net neutrality explained
source: Instagram

UPDATE: Net neutrality supporters are calling for a Day of Action on July 12, 2017.

The website “Battle for the Net” made the announcement on their website:

“Websites, Internet users, and online communities will come together to sound the alarm about the FCC’s attack on net neutrality. We’ll provide tools for everyone to make it super easy for your followers / visitors to take action. From the SOPA blackout to the Internet Slowdown, we’ve shown time and time again that when the Internet comes together, we can stop censorship and corruption. Now, we have to do it again!”

Companies who support this motion include Amazon, Etsy, Vimeo, the ACLU, and many others.

If you are interested in supporting this day of action, visit their website and sign up for alerts.

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You may read the words “net neutrality” and immediately fall sleep. It is admittedly not the jazziest phrase, and its backstory is a little confusing. However, net neutrality is an issue that will only grow increasingly important with the current administration. We all need to care more about it.

I had no idea that this issue even existed up until a few years ago when a girl in one of my classes gave a presentation on the topic. I was astounded. If you’re still a little unsure what it is or why you should care, read on.

In an overly-simplified nutshell, net neutrality ensures that your Internet Service Provider (or ISP, i.e. Comcast, Verizon, AT&T, etc.) can’t play favorites. This means, for example, that your provider can’t pick favorite customers or sites, and intentionally slow down or block access to other sites or customers. Obama-era legislation created stricter regulations to the Communications Act so that net neutrality would remain protected. This is because we want open access to the Internet and a level-playing field. Because duh. But that might not always be the case.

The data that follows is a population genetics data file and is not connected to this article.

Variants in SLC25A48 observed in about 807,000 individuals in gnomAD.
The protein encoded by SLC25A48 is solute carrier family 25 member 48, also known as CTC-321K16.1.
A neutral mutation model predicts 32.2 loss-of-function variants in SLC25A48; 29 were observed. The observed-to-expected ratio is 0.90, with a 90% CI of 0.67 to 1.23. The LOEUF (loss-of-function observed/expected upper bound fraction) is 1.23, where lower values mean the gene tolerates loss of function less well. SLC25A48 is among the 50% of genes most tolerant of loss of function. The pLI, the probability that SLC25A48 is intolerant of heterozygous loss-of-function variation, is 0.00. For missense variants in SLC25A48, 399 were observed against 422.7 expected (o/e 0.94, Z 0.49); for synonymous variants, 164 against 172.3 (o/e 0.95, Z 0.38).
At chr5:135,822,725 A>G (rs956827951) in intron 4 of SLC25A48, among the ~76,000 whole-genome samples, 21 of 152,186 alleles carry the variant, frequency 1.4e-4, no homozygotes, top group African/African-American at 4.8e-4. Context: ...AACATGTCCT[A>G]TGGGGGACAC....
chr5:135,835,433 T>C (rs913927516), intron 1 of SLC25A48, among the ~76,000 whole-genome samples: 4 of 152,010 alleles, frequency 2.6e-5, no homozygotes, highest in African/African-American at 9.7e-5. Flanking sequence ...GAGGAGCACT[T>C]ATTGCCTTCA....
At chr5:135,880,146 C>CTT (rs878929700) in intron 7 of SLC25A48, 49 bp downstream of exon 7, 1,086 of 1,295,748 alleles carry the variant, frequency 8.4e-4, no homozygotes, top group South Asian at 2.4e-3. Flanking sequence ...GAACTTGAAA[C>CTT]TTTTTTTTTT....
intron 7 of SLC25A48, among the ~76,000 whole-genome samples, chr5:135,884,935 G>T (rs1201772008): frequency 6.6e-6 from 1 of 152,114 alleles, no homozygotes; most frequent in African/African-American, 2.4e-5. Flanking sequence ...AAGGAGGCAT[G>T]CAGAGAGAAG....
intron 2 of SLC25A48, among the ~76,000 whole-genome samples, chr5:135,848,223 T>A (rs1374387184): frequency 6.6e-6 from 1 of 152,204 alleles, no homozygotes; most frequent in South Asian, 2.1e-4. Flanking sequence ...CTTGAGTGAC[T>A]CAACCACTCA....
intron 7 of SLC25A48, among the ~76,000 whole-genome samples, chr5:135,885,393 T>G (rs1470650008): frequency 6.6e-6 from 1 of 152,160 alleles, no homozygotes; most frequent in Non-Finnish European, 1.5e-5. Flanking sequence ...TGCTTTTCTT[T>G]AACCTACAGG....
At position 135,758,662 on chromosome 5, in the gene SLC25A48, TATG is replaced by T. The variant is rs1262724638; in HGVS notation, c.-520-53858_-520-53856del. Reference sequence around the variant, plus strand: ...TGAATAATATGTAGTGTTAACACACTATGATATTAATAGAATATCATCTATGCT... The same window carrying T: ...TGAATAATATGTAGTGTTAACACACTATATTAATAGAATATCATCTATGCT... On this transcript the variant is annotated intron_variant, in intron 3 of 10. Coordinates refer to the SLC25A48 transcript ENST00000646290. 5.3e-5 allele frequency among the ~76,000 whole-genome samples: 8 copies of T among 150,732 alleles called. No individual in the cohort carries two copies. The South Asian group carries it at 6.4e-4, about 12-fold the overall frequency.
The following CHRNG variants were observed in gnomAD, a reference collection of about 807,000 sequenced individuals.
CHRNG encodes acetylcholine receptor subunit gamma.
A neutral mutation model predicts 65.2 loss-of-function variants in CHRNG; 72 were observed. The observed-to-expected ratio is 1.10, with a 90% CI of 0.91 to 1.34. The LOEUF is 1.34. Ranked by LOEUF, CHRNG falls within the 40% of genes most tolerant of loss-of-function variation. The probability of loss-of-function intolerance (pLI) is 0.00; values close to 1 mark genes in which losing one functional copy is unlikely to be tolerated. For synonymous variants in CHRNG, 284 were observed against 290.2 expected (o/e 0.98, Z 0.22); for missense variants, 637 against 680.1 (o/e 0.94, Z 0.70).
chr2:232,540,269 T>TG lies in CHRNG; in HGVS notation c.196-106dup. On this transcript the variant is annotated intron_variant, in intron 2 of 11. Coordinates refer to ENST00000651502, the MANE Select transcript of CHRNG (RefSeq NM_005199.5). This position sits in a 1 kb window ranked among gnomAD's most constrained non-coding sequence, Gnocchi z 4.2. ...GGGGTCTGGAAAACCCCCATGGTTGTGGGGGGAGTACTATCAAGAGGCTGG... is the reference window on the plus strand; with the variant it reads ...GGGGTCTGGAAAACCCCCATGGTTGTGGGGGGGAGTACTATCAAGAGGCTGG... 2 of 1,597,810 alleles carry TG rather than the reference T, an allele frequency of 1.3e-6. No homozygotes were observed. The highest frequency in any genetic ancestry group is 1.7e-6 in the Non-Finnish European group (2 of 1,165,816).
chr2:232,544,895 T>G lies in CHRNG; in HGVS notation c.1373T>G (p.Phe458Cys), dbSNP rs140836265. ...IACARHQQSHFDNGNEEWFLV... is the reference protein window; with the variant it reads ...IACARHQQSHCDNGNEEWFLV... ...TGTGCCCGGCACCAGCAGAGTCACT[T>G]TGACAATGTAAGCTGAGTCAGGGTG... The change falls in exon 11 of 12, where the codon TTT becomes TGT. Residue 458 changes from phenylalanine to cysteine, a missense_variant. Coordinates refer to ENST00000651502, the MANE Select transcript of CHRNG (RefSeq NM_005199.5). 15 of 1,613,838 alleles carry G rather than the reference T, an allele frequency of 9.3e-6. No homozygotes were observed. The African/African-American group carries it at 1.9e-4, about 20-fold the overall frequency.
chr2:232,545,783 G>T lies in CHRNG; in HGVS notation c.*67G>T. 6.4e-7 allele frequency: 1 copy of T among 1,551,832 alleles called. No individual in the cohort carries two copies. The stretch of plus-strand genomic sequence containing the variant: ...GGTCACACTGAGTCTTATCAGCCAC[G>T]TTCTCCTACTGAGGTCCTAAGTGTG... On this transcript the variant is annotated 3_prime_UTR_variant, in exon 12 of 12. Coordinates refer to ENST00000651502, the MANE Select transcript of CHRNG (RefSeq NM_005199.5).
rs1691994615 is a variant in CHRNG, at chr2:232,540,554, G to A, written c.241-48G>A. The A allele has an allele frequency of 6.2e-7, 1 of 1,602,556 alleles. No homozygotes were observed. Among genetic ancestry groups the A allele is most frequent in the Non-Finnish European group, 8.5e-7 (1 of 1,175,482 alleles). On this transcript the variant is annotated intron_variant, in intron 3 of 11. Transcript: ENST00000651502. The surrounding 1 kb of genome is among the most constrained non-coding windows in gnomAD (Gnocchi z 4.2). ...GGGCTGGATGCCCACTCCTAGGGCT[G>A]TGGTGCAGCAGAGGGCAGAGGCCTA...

A real-life example of this comes from 2013. In that year, AT&T, T-Mobile, and Verizon launched a mobile payment app (called Isis….yikes), and blocked Google Wallet on customer’s phones. By forcing out the competition, they made their mobile payment app the only option. John Oliver actually cited this scenario on a recent episode of his show. Another explanation Oliver gave (this one is fictitious, but a solid explanation), is that without net neutrality, if your ISP had a preferred search engine, they could slow access to another. So for example, if Verizon preferred Bing (i.e. if they were an investor or partner), they could severely slow down and limit your access to Google if Verizon is your ISP. Sounds shady to me.

In fact, it is Oliver’s piece that inspired me to write this article, because net neutrality is something that shocked me way back when, but then I forgot about it. We can’t simply push this away, and Oliver reminds viewers of this.

Besides not wanting to allow ISPs to have this control, John explains that the Trump administration might roll-back Obama-era net neutrality rules on equal access. Trump’s newly appointed FCC Chairman Ajit Pai wants to “take a weed whacker to current FCC rules”. Pai himself stated that he thinks net neutrality’s days are numbered.

The scary thing is that Oliver points out that Trump literally does not understand all this net neutrality and Internet regulation discussion. So more than likely, he’ll just agree with what Pai says. For us, that means our ISP’s might have the ability to manipulate the choices we make. Who wants that?

The best thing we can do now is what we must do for a number of issues: stay informed, stay vocal. Listen to the news and keep up-to-date on rulings involving net neutrality. Call your reps when it comes to a vote. Things are not looking good, and comments are necessary.

I encourage you to watch Oliver’s piece in full to get a better understanding of this issue and why it matters. Watch it while we still have high-speed internet and full access to the websites we want.

Allie Bush is a Contributing Writer at Femestella. She is interested in creating and sharing entertaining and engaging content, in whatever form it may take. She is a proud TV junkie and in her spare time can be found watching late night talk shows, talking about Chrissy Teigen or Amy Poehler, or eating off of other people’s plates.